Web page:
Sunny Gault : So would you prefer to – in a perfect world, and I know this doesn't happen a lot – but if you knew the pregnant woman in advance and you knew that you guys would be preparing her placenta, would you like to meet with her during pregnancy, to kind of get a feel for her pregnancy?
Brent Keime : All of it!
Sunny Gault : Even through labor and delivery, you'd be there too!
Brent Keime : The perfect clients for us are the ones that I've been treating with acupuncture through their pregnancy.
Sunny Gault : And then she delivers the baby!
Brent Keime : She has been delivering the baby and seeing them for postpartum care, 'cause we really have it nailed down at that point in time. There are no problems, that always works for us. That's the perfect storm for placenta encapsulation.
Sunny Gault : How quickly do you feel the effects of this, and it may have something to do with are you consuming it raw, or in encapsulation form. And then let's talk a little bit more about the dosage. So, Airalia, do you want to touch on that a little bit?
Airalia Keime : I think the effects being felt are pretty immediate. Within at least 48 to 72 hours, especially in mothers that I know had it prior, during subsequent pregnancies, have opted to do it. I keep it pretty standard as far as – if it's a typical straightforward birth, then it's usually six pills in a day, that would be the easiest way to remember for new moms, new families, is three in the morning and three at night. So three at sun up, and three at sun down. And we want you to consume that until they are finished, which roughly, depending on the size of your placenta, and how many pills you get, you're usually finished in about a month.
Brent Keime : Adjustments are made to the dosage sometimes.
Sunny Gault : One of the questions our listeners may be asking is how much does something like this cost? In general terms, and I understand your procedure is a little bit different. But what can you expect to pay to have your placenta encapsulated?
Brent Keime : Most encapsulators out there are somewhere between $250 and $300. That's fairly standard.
Airalia Keime : And we don't charge extra for the prints or we preserve the umbilical cord as well, which is a keep sake, which is very spiritual and very beautiful, it's the tie between the mother and baby. I learned a lot about the cord, so that is prepared as well as whether you choose capsules, which we also have, gelatine capsules, flavored if people are a little adverse to this whole thing, and tincture form, we charge nothing extra for those, and your herbs are included. The only time that there may be an additional charge would be if we were delivering to very long delivery.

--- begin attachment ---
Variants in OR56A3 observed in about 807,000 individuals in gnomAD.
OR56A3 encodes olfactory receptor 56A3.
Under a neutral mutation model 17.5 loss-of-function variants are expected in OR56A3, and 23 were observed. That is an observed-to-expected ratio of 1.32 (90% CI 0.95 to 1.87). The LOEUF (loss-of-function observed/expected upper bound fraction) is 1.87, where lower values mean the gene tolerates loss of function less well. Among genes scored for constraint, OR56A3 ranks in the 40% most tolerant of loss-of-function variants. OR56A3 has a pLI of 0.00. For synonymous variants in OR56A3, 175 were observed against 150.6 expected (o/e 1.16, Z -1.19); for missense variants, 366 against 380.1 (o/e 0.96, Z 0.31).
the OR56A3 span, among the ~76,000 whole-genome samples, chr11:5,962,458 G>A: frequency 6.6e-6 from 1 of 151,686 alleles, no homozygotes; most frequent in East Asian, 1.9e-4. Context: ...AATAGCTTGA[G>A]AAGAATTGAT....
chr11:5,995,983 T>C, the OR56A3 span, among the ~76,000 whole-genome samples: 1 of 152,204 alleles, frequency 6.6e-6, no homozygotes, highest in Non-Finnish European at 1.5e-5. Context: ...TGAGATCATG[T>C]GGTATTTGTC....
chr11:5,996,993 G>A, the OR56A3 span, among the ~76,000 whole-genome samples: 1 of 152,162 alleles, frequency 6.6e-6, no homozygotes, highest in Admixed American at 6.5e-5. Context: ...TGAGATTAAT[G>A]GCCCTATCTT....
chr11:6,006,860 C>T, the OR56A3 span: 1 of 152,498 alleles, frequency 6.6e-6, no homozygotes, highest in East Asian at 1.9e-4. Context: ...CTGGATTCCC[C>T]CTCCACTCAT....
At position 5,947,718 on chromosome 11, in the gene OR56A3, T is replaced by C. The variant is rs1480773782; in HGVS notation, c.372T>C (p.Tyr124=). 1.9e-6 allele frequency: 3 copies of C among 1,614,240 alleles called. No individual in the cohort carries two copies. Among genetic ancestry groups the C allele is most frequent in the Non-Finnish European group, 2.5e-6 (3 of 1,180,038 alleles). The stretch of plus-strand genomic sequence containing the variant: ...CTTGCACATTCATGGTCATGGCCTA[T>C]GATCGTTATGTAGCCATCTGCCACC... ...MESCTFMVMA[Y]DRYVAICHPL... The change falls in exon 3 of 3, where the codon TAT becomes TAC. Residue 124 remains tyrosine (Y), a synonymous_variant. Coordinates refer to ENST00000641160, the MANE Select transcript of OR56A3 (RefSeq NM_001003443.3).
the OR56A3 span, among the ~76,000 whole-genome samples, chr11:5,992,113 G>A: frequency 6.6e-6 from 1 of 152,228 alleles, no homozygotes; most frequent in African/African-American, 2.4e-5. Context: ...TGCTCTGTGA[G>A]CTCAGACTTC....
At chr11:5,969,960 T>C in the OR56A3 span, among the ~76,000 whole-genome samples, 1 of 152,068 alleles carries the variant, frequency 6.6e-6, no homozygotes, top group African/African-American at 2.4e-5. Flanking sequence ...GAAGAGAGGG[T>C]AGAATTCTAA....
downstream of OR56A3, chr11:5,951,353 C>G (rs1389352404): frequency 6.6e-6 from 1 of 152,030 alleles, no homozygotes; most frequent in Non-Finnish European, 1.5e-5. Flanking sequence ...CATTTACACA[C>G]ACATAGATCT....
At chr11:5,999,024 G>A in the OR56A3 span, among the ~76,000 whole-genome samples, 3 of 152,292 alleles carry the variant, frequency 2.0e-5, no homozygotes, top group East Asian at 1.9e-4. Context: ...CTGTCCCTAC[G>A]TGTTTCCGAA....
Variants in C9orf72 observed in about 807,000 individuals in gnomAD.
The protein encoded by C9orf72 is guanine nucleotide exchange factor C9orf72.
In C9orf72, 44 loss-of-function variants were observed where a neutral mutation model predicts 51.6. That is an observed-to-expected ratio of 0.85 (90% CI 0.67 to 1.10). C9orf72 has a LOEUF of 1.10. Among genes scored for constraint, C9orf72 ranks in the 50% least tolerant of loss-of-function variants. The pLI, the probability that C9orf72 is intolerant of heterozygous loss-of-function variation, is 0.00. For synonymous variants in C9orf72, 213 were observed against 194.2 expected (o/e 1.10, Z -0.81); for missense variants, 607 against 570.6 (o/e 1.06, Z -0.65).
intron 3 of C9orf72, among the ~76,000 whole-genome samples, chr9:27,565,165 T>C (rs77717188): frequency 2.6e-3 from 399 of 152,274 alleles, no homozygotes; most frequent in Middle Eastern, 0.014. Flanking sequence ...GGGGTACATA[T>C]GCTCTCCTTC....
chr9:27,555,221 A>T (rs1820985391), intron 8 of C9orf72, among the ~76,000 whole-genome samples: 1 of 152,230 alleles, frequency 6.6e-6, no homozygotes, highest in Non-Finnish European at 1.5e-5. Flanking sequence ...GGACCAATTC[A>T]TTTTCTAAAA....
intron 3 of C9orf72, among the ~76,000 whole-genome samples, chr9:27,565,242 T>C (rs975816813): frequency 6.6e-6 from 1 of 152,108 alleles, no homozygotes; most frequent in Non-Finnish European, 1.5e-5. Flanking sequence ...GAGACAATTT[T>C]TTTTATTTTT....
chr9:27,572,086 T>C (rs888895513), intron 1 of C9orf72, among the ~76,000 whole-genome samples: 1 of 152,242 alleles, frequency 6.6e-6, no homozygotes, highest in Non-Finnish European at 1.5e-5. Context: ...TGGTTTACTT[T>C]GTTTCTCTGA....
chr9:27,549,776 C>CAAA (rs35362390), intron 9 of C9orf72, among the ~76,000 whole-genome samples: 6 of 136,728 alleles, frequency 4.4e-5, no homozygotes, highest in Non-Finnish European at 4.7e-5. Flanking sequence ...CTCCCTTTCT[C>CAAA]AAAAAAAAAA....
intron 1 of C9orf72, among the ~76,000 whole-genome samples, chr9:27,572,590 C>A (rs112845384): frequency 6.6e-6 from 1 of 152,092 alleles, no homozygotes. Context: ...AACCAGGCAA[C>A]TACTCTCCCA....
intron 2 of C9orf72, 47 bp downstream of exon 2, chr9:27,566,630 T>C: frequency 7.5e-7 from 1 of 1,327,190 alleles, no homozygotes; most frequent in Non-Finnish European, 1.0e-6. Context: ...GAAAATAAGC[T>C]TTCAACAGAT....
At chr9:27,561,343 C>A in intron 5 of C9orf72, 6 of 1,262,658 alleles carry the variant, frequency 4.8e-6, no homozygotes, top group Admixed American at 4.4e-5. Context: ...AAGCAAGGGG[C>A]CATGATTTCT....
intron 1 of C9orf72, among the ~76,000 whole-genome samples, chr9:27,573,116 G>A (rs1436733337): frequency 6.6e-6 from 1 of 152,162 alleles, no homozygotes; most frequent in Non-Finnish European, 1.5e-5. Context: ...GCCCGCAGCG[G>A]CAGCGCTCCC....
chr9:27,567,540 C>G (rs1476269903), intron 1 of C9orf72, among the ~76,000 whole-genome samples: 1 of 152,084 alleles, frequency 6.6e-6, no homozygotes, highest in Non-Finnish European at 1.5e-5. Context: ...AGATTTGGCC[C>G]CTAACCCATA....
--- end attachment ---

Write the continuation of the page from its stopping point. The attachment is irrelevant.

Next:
Sunny Gault : What about twins, since I'm pregnant with twins, do you charge more? It's only one placenta!
Airalia Keime : It's one placenta, that's exactly right.
Sunny Gault : I got a deal!
Airalia Keime : Yes, it's pretty much that. And if there was any cost where I felt that it would be extra, it would just be delivery. We really want families to have this, and the idea is to keep it as very simple as possible. And I'd like to... if you find us late in care or are refered late, and we've had people – I'm a couple of days from my due date, I'll get as much information as I can, for this, I don't want people to think that if you haven't seen us on the early stages have the preconception that this wouldn't be for you and that we couldn't offer you these services.
Brent Keime : There's a lot of information we can get just by asking certain questions, it will give us a good idea as far as what's going on.
Airalia Keime : Exactly.
Sunny Gault : Well, Brent and Airalia, thank you so much for being part of our show today!
Airalia Keime : Absolutely, thank you!
Sunny Gault : This has been very fun. So our conversation is actually going to continue for members of our Preggie Pals Club. After the show, our experts are going to give some advice for those of you out there who may want to try to prepare your own placenta. So we'll learn a little bit more about that. If you want more information on our club, visit PreggiePals.com.
[Theme Music] [Featured Segments: 5 Minute Birth Stories]
Sunny Gault : We have a brand new segment here on Preggie Pals! It is called “5 Minute Birth Stories” and that's exactly what it is. We're asking our listeners to call our voicemail, which is 619-866-4775, and share your birth story in five minutes or less.